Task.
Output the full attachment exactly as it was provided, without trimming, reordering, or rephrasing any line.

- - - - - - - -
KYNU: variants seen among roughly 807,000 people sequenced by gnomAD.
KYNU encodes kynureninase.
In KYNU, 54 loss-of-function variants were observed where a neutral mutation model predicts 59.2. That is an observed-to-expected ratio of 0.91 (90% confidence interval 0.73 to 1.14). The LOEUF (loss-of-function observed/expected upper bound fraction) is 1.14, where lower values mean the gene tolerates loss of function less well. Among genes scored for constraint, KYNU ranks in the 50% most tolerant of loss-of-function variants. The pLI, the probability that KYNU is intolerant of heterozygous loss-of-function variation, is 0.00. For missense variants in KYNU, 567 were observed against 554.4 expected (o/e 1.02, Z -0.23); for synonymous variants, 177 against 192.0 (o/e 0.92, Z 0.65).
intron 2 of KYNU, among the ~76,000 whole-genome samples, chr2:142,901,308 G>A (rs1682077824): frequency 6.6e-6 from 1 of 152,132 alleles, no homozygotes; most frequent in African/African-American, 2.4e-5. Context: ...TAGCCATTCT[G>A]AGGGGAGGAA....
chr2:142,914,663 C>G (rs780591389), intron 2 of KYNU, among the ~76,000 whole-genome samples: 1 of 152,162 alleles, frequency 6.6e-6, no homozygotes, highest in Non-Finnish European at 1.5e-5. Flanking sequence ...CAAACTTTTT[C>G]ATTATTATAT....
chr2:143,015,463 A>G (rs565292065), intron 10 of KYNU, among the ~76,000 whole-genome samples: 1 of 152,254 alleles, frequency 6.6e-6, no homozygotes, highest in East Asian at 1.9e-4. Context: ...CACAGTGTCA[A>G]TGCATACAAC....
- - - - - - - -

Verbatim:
KYNU: variants seen among roughly 807,000 people sequenced by gnomAD.
KYNU encodes kynureninase.
In KYNU, 54 loss-of-function variants were observed where a neutral mutation model predicts 59.2. That is an observed-to-expected ratio of 0.91 (90% confidence interval 0.73 to 1.14). The LOEUF (loss-of-function observed/expected upper bound fraction) is 1.14, where lower values mean the gene tolerates loss of function less well. Among genes scored for constraint, KYNU ranks in the 50% most tolerant of loss-of-function variants. The pLI, the probability that KYNU is intolerant of heterozygous loss-of-function variation, is 0.00. For missense variants in KYNU, 567 were observed against 554.4 expected (o/e 1.02, Z -0.23); for synonymous variants, 177 against 192.0 (o/e 0.92, Z 0.65).
intron 2 of KYNU, among the ~76,000 whole-genome samples, chr2:142,901,308 G>A (rs1682077824): frequency 6.6e-6 from 1 of 152,132 alleles, no homozygotes; most frequent in African/African-American, 2.4e-5. Context: ...TAGCCATTCT[G>A]AGGGGAGGAA....
chr2:142,914,663 C>G (rs780591389), intron 2 of KYNU, among the ~76,000 whole-genome samples: 1 of 152,162 alleles, frequency 6.6e-6, no homozygotes, highest in Non-Finnish European at 1.5e-5. Flanking sequence ...CAAACTTTTT[C>G]ATTATTATAT....
chr2:143,015,463 A>G (rs565292065), intron 10 of KYNU, among the ~76,000 whole-genome samples: 1 of 152,254 alleles, frequency 6.6e-6, no homozygotes, highest in East Asian at 1.9e-4. Context: ...CACAGTGTCA[A>G]TGCATACAAC....